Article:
The Adirondacks have a rich history of mountain lore, guide stories, Great Camps, and Olympic glory. But our mountain history tends to overshadow elements of the past that can serve as great attractions for locals and tourists alike: fame and achievements by regional natives and residents in non-mountain endeavors. Among the dozens of examples: one of the most popular songs ever written was penned by a native of the North Creek-Wevertown area; and two world-champions―one a beloved cyclist, and the other among the greatest regional athletes ever―were both based in the Glens Falls area.
The unusual talents and accomplishments of locals is virtual gold for area museums, but so many of these stories are overlooked. Take for instance, Port Henry’s Helen Redmond. Though you’ve never heard of her, Helen’s talents were once celebrated from coast to coast. Continue reading
In January 2014, the Adirondack History Center Museum received a collection of some 600 artifacts related to the Land of Makebelieve and its founder Arto Monaco, who was born in Ausable Forks in 1913. The Land of Makebelieve was an amusement park created by Monaco in 1954 as a place where children could let their imaginations run wild.
They rode the train, visited the castle, and explored the western style town. Monaco’s work was also found at Santa’s Workshop and Charley Wood’s Storytown and Gaslight Village in Lake George. In 1979, the Land of Makebelieve was destroyed by a flood and was forced to close. Continue reading
Celebrate Women’s History Month on March 21 and 22 with a program of stories and music by acclaimed Adirondack singer-songwriter Peggy Lynn and author/performer Sandra Weber.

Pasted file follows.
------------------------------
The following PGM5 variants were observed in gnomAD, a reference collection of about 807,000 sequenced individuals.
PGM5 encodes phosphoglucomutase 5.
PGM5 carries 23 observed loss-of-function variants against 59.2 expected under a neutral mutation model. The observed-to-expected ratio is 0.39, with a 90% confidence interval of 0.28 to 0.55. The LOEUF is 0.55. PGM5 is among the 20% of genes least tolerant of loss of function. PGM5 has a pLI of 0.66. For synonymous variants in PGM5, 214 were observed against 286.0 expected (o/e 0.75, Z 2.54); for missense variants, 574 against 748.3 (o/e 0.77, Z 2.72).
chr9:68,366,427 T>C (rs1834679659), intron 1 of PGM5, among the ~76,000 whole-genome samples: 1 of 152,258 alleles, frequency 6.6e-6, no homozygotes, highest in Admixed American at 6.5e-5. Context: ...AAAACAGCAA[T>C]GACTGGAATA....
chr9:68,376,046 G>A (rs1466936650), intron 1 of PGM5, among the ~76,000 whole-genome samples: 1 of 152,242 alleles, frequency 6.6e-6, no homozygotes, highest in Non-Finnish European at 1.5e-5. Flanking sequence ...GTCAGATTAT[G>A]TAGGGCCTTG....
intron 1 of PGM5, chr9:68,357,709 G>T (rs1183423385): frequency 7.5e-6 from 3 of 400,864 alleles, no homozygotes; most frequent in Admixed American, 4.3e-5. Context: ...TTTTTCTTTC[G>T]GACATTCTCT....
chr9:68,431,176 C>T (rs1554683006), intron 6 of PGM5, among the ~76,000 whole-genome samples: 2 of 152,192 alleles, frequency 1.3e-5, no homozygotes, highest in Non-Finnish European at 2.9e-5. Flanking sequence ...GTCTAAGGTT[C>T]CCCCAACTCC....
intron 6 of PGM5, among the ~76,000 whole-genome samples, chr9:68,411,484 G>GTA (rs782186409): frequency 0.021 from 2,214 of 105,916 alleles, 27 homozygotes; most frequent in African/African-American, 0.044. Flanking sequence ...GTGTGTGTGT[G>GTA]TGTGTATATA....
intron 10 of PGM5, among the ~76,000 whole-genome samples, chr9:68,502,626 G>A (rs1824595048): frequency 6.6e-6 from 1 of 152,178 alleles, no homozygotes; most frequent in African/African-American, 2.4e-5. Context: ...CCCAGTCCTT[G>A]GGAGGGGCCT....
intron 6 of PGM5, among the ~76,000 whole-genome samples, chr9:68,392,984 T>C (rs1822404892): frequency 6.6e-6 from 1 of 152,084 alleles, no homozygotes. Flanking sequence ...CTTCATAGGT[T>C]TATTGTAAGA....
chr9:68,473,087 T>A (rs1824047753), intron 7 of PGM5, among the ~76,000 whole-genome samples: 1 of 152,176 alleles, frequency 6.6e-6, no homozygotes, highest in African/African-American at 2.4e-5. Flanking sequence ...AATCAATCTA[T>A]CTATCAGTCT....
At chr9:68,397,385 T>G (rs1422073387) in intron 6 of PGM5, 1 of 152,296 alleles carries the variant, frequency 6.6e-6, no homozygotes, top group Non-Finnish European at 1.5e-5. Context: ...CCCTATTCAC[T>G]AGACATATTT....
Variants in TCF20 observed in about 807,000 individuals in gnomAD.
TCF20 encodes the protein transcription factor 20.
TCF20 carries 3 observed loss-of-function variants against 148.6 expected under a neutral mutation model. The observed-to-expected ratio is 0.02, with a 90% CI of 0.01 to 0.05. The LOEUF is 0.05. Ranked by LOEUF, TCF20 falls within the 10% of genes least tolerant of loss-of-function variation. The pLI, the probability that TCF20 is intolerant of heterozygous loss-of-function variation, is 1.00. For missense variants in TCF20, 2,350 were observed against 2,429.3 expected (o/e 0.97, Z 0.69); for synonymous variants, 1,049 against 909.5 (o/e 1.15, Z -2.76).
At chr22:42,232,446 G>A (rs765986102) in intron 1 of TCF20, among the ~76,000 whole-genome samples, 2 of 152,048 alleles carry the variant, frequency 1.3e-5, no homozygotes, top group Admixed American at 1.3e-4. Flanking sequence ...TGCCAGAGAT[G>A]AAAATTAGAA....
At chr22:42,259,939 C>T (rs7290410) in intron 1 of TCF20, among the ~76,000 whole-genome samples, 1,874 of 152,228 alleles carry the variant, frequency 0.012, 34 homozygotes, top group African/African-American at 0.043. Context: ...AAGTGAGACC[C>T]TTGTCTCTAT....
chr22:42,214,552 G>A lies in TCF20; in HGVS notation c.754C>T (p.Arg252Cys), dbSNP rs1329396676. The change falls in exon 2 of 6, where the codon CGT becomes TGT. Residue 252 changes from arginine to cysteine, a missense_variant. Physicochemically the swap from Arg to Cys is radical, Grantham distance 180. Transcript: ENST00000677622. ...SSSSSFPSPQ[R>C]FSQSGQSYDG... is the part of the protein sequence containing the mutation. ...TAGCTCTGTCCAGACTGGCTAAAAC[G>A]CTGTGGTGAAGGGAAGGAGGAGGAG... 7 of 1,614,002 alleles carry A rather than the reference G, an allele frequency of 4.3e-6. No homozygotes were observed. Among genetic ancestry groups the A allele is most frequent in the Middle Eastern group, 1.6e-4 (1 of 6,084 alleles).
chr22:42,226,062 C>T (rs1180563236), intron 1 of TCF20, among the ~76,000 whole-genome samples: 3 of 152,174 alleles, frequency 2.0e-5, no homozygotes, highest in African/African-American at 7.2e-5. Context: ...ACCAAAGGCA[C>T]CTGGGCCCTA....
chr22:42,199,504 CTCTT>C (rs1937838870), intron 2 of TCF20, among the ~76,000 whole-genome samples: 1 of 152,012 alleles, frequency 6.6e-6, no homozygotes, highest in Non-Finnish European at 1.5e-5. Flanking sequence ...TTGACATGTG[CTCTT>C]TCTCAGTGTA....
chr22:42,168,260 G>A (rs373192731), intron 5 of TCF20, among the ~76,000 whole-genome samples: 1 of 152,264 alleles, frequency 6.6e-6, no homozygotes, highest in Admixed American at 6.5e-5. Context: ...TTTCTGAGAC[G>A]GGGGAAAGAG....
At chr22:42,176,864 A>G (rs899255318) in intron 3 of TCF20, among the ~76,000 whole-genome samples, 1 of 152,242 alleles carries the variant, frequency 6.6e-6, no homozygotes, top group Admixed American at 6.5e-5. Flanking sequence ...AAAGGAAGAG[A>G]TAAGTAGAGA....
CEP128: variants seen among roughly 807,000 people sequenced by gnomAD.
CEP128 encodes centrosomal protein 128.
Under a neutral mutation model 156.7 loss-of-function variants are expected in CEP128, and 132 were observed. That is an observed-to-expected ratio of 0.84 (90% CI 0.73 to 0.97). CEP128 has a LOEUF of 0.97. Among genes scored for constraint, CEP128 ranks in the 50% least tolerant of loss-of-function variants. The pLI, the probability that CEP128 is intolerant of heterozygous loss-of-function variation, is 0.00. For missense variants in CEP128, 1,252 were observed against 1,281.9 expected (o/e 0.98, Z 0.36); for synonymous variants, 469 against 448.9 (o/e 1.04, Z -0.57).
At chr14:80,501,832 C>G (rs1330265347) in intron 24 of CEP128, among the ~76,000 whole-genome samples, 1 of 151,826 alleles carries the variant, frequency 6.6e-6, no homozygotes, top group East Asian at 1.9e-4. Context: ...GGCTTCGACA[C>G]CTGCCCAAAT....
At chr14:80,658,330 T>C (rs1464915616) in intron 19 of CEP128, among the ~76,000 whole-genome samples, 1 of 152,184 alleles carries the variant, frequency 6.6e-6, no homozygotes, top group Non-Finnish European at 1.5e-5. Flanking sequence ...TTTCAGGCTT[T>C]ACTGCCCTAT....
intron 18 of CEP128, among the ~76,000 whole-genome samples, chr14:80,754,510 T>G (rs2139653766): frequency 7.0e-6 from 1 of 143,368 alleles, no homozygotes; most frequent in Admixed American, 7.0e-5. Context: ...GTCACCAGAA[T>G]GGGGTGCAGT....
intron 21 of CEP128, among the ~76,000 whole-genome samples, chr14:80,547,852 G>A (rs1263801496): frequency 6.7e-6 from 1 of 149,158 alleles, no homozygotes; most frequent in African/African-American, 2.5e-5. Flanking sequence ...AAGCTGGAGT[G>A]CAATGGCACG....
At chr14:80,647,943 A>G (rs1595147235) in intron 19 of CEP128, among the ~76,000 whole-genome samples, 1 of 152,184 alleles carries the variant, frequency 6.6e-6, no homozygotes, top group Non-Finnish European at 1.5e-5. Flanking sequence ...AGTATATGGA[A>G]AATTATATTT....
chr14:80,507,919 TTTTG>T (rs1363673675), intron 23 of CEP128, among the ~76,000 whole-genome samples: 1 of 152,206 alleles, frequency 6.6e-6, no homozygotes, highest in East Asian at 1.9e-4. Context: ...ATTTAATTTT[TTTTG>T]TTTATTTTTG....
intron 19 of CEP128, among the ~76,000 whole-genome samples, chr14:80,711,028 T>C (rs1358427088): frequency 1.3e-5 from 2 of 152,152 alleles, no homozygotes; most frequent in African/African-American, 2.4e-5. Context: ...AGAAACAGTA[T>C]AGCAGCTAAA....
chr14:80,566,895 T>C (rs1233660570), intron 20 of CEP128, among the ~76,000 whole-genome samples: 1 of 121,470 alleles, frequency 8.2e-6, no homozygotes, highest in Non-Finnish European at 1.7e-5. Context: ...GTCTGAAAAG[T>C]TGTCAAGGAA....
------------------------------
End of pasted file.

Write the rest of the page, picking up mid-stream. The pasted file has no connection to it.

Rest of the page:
On Friday, March 21 at 7:00 pm Peggy and Sandra perform at the Whallonsburg Grange Hall. On Saturday, March 22 at 6:30 pm at the Lake Placid Center for the Arts there is a reception to benefit the Adirondack History Center Museum followed by a performance at 7:30 pm. The Wild Spirits: Songs and Stories of Remarkable Adirondack Women program highlights the contributions and journeys of famous (and not so famous) women of the Adirondacks. Continue reading
The Proposed Final Drafts of the Hurricane Mountain and St. Regis Mountain Fire Tower Historic Area Unit Management Plans (UMPs) were presented by New York State Department of Environmental Conservation (DEC) staff to the Adirondack Park Agency (APA) Board at their monthly meeting on February 14, 2014. Pursuant to the Adirondack Park State Land Master Plan (SLMP) requirements for Historic Areas, the Agency will hold a public hearing on Wednesday, March 12, 2014 to solicit public comments related to the proposed UMPs’ conformity with the provisions of the SLMP.
The Hurricane Mountain Fire Tower Historic Area is located on the Summit of Hurricane Mountain in the Town of Keene, Essex County. The St. Regis Mountain Fire Tower Historic Area is located on the summit of St. Regis Mountain in the Town of Santa Clara, Franklin County. Continue reading
Following five years of planning, research, writing and design, the Warrensburgh Historical Society has released Warrensburg, New York: 200 Years of People, Places and Events (2014) in honor of the town’s Bicentennial Celebration.
Spearheaded by Town Historian Sandi Parisi, the effort involved more than 20 volunteers. The 184-page soft-cover book, laid out as an encyclopedia of Warrensburg history, contains more than 300 photographs and a 19-page index with over 2,300 listings. Continue reading
An Adirondack history lecture series continues at the Whallonsburg Grange Hall, 1610 NYS Route 22 in the Champlain Valley. Presentations on the early settlement, the philosophy and invention of the wilderness ideal, the history of the forest preserve and boats and boating are included in the schedule.
The series “Our Wild Home” will take place on Tuesday nights at 7:30. A donation of $5 is requested, students always free. More information is at www.thegrangehall.info. The schedule of talks is: Continue reading
Great Camp Sagamore will host two guided snowshoe hikes of the grounds February 15 and 16 as part of Raquette Lake’s Annual Winter Carnival. This is a rare opportunity for visitors to see the National Historic Landmark in the winter, a season when the former Vanderbilt family owners traditionally visited.